Pension transfers stuck in a “time warp” are set to come under the spotlight as the Government launches an investigation into blockages to the radical new freedoms.
In June, Chancellor George Osborne announced a Treasury consultation, expected to be formally unveiled as part of the 8 July Budget, aimed at addressing why some customers’ access to the flexibilities is being frustrated.
The Government says it will investigate how to make the pension transfer process “quicker and smoother to help people make use of the new freedoms” and pensions experts say intervention is long overdue.
The Association of British Insurers is also piling the pressure on occupational schemes. As part of its “action plan”, it says The Pensions Regulator needs to work with the FCA to outline trustee responsibility in delivering the freedoms to members.
At the same time, former pensions minister Steve Webb’s brainchild, the pot-follows-member model for automatically transferring small pension pots, looks under threat.
Webb’s successor Ros Altmann has publicly criticised the proposals in the past, and there is growing feeling within the pensions industry it should be scrapped despite the Department for Work and Pensions already passing legislation.
As evidence emerges of customers being frustrated by restricted access to the pension freedoms, the Government is upping the pressure on providers to ensure savers are not blocked from full flexibility.
The limited flexibility of legacy pension plans, providers’ adoption of mandatory advice thresholds, and new second line of defence rules have been in the spotlight in recent weeks.
Last week, Money Marketing rev-ealed the Treasury and HM Revenue & Customs are considering revisiting historic “buddy transfer rules” on tax-free cash and small print that prevents drawdown pots from being merged.
Now experts predict providers’ creaking transfer systems could be next in the firing line.
Fidelity Worldwide Investment retirement director Alan Higham says the administration of pension pots is “really still stuck in a time warp”.
“It hasn’t moved into the new world where you can move money around at the press of a button.”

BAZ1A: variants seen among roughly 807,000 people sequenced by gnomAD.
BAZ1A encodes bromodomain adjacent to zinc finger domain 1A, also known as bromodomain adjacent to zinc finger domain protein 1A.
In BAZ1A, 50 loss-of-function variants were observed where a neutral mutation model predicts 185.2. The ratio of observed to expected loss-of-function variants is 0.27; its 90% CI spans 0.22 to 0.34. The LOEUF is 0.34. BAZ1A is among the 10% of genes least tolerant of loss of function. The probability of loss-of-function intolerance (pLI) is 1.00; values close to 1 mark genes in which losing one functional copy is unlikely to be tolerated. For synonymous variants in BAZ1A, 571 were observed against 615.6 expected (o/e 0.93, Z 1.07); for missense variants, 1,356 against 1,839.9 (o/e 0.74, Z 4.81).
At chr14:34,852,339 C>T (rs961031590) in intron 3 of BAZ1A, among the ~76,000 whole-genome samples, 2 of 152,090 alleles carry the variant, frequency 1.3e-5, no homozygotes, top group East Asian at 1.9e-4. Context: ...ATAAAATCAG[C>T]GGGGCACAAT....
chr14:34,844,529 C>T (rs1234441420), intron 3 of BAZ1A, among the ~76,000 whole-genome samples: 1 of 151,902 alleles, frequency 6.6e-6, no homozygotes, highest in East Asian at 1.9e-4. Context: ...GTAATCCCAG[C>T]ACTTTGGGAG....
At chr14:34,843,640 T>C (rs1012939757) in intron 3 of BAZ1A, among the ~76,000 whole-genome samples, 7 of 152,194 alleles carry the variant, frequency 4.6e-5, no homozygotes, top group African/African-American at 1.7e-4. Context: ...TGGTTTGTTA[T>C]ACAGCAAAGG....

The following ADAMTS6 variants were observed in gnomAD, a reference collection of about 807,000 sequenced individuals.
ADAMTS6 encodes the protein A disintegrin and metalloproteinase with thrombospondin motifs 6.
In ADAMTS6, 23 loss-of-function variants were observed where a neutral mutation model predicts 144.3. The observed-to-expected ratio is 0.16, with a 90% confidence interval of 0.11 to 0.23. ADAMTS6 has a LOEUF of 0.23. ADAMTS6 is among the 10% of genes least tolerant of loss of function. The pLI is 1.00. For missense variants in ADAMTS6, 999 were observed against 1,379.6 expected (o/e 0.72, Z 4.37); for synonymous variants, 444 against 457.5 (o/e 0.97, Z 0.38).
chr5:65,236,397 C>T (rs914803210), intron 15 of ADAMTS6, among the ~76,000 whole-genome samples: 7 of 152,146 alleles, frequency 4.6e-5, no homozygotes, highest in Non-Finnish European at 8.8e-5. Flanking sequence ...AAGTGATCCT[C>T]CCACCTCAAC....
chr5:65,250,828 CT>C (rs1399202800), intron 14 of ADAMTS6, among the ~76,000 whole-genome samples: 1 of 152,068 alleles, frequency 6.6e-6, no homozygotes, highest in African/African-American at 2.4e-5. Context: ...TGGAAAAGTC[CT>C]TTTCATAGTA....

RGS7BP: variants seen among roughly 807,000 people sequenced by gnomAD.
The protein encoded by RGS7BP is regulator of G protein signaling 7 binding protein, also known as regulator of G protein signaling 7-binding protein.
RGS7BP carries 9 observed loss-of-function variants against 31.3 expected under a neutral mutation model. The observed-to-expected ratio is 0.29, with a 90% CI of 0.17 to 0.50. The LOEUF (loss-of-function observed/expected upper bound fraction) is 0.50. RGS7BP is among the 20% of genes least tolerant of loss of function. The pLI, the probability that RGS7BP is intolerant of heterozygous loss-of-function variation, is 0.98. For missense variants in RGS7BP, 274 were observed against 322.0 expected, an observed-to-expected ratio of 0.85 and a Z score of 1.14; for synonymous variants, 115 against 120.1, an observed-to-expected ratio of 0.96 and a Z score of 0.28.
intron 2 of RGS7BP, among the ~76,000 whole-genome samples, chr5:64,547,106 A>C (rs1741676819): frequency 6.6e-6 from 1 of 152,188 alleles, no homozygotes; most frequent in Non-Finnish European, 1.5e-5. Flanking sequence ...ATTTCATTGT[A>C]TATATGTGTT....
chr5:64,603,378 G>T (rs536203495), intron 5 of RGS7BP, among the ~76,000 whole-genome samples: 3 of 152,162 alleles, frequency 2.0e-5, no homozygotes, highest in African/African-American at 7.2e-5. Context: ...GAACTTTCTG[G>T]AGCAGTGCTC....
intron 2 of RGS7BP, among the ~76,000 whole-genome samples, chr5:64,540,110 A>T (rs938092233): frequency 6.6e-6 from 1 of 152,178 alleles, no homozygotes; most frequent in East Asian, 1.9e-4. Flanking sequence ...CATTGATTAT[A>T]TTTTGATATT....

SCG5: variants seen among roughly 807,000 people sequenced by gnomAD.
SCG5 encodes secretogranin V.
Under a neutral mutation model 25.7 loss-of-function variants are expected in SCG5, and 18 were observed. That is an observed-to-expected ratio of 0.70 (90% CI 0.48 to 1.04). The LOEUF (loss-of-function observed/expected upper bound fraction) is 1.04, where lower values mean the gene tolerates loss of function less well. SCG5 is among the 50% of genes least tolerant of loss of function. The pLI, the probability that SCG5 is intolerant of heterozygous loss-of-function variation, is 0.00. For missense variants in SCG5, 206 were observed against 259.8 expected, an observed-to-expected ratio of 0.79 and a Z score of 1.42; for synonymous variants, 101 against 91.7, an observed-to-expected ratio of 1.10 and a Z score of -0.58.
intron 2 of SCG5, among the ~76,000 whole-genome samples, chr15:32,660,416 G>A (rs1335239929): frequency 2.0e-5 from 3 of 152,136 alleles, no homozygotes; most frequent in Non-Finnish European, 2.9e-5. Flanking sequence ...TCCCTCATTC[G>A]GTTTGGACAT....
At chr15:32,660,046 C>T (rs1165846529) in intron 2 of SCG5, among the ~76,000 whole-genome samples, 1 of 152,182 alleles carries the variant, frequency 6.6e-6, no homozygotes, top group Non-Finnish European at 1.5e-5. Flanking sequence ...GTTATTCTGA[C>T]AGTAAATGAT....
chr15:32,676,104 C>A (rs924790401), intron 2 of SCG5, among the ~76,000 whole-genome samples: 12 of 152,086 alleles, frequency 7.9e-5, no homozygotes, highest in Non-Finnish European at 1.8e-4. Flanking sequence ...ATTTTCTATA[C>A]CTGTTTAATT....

Hargreaves Lansdown head of pension research Tom McPhail agrees there are “big holes in the system”.
He says: “I have flagged with the Government that everyone needs to work together to unpick the blockage points in the system.
“When you look at banking, I can transfer money from Barclays to NatWest in minutes. It works because of established protocols. A lot of the problems in the pension system are because providers don’t speak the same language, don’t use common protocols, don’t even know who each other are. We need a much better and more coherent governance structure around the entire process.”
Origo is owned by the country’s largest pension providers and its Options Transfers service handles the vast majority of transfers between contract-based, retail schemes. It says average transfer times are around six calendar days although this dropped to five in February before rising to seven in May with the launch of the pension freedoms.
Manual, paper-based transfers typically take 51 days, according to Origo, exposing funds to much greater risk of missing out on rising markets.
However, very few occupational trust-based schemes have signed up to Origo, although auto-enrolment provider The People’s Pension joined in May. According to 2011 research conducted by Origo, there are 128,000 occupational transfers a year taking an average of six to 10 weeks each to process.
The majority of Sipp providers use Origo and experience average transfer times of six calendar days. However, Sipps holding more specialised assets, such as property, can take between six months to two years, the organisation says. Since 2012, there has been a four-fold increase in Sipp transfers going through Origo.
Higham says: “In our experience the worst offenders tend to be occupational schemes. There are certain providers who are notoriously bad and one always suspects that’s a deliberate policy.